Tuesday, March 25, 2014

Bowling Green

Set'em up...


Knock em down...


I love looking at unfired greenware.
There's so much hope and possibility just sitting on the shelf.


The studio right now is exclusively filled with experiments and ideas. Depending on they are counted, there are no less than 9 series moving from the sketchbook to kiln. Unfortunately (although quite possibly very fortunately) these series are working through the studio in slow motion. it gives me time to think while my hands are busy doing other things.I 'm left chomping at the bit to find out what doesn't work though.


Jess was kind enough to leave me a few forms of hers to play with while she was gone and I think I prefer playing with her ball. I really enjoy her approach to the object. Lately, it quickly becomes more of a game when she is on the court..


The weight is still focused on learning to play with crafting my surfaces and gaining experience laying down the layers and a solid approach to my lines. Just going to have to let form happen right now, let that take care of itself, but the narratives I have in my head aren't going to work until all the squirmy details of process are worked out.



It's becoming more and more important for me to take a stance of "This is not going to be Lick and Stick decorative work". There's so many more valid reasons to take on the challenge of bringing meaning to the material and make flawed work with charm and character, than make perfect work that's devoid of vulnerability.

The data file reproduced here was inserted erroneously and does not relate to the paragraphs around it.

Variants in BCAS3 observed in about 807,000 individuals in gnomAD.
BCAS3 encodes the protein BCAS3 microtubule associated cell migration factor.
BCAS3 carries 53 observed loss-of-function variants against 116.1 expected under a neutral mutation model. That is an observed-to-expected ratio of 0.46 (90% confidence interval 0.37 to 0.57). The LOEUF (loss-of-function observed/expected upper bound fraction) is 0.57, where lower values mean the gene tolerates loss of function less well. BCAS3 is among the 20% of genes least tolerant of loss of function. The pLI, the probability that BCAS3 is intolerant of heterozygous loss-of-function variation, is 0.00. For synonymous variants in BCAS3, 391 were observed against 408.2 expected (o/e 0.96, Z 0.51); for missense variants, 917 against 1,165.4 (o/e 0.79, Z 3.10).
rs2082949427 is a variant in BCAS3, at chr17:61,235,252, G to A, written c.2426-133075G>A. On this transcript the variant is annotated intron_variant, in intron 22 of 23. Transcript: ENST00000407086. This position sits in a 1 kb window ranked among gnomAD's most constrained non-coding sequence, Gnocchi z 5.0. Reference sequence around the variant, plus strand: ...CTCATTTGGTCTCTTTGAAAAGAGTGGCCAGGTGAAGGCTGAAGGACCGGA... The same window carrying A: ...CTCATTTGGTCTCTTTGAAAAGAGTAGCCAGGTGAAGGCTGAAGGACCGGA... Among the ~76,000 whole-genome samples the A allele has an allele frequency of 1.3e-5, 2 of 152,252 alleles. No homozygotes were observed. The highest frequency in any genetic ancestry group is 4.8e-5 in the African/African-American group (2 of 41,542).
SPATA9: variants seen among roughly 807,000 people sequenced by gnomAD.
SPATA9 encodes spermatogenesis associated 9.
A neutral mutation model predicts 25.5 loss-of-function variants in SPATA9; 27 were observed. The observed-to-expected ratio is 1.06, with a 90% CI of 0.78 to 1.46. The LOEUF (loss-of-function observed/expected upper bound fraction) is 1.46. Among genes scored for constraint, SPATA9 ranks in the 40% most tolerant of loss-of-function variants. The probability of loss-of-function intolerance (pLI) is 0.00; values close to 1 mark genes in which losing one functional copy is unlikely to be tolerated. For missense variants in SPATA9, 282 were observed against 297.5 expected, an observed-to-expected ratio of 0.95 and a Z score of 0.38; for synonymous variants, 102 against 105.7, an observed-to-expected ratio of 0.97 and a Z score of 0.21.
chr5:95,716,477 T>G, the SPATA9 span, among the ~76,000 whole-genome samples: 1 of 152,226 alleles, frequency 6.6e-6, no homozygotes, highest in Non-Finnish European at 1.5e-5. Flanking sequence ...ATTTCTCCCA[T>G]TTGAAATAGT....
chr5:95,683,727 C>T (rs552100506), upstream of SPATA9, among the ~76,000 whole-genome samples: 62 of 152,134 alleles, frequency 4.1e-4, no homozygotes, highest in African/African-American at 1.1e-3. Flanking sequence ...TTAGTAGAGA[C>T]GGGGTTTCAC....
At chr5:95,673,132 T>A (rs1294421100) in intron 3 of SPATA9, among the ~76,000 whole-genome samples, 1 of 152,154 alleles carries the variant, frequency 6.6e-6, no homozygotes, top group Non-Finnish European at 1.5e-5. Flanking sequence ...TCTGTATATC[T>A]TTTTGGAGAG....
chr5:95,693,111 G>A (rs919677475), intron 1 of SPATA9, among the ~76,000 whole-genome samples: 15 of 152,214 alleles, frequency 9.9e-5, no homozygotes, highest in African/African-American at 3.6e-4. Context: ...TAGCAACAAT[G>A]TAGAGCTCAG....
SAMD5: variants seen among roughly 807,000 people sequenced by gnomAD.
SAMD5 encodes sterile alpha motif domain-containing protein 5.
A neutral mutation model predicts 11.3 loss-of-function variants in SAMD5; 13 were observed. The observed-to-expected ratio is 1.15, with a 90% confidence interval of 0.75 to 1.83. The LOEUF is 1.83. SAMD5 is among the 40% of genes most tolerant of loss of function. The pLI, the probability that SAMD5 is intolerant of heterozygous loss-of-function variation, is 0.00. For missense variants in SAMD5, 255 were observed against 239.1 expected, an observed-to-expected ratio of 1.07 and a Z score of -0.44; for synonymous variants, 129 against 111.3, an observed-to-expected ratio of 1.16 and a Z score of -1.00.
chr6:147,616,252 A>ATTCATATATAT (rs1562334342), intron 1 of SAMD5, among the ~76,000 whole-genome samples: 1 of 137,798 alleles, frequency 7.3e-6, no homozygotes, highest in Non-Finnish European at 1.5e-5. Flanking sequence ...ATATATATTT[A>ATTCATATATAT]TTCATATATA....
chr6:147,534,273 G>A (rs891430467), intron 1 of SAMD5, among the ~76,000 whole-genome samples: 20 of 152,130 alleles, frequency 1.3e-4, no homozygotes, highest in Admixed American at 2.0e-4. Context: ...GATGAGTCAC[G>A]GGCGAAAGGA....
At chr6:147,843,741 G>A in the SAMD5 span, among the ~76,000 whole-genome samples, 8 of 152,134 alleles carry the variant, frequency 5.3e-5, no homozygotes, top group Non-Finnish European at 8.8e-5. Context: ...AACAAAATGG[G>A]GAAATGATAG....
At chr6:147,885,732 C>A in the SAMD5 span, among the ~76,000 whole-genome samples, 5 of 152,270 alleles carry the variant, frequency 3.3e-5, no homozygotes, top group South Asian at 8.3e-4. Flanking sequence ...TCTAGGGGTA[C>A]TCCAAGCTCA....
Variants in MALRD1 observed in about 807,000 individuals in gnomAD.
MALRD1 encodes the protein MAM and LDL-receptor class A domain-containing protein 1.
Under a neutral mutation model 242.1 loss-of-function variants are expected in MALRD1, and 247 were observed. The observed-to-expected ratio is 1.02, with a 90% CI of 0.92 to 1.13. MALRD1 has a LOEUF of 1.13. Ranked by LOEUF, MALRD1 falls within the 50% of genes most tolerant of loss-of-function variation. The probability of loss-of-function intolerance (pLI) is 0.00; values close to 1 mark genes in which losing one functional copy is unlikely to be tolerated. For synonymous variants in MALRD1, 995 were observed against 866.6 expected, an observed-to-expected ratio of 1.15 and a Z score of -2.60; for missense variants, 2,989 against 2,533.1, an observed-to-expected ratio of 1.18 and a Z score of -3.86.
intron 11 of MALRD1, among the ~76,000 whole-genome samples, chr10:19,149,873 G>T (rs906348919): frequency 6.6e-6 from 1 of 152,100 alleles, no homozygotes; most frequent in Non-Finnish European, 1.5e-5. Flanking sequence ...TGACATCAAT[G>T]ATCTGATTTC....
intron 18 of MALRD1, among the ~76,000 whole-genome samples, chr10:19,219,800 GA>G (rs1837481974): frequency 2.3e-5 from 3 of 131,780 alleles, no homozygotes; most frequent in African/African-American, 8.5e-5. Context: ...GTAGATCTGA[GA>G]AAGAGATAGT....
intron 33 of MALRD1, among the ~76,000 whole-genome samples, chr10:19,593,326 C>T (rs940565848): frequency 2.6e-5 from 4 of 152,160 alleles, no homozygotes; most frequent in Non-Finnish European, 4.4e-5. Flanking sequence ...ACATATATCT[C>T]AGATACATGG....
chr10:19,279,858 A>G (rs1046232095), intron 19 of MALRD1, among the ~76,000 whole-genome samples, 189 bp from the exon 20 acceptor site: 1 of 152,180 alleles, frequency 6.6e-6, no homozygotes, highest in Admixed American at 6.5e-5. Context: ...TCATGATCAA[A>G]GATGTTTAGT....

I need to make work that's loaded with meaning at least for myself.
I'm not a potter...
This isn't about economics and paying the bills.
I'm just a man in search for incomplete meaning.
It's back to "Beauty before Bread."

3 comments:

Troy Bungart said...

Very nice! I love the approach of having several experimental bodies of working happening at once.

JUDI TAVILL said...

Personally, I am really drawn to the red batch below but I really get the creative struggle/execution/patience thing. It whips my ass.

Midori said...

I am not keen on what I call 'shiny perfect pots'. It is devoid of characters. I like to see the process of making and even more, that of thought by makers on each piece. Beautiful colours, which remind me of autumn leaves.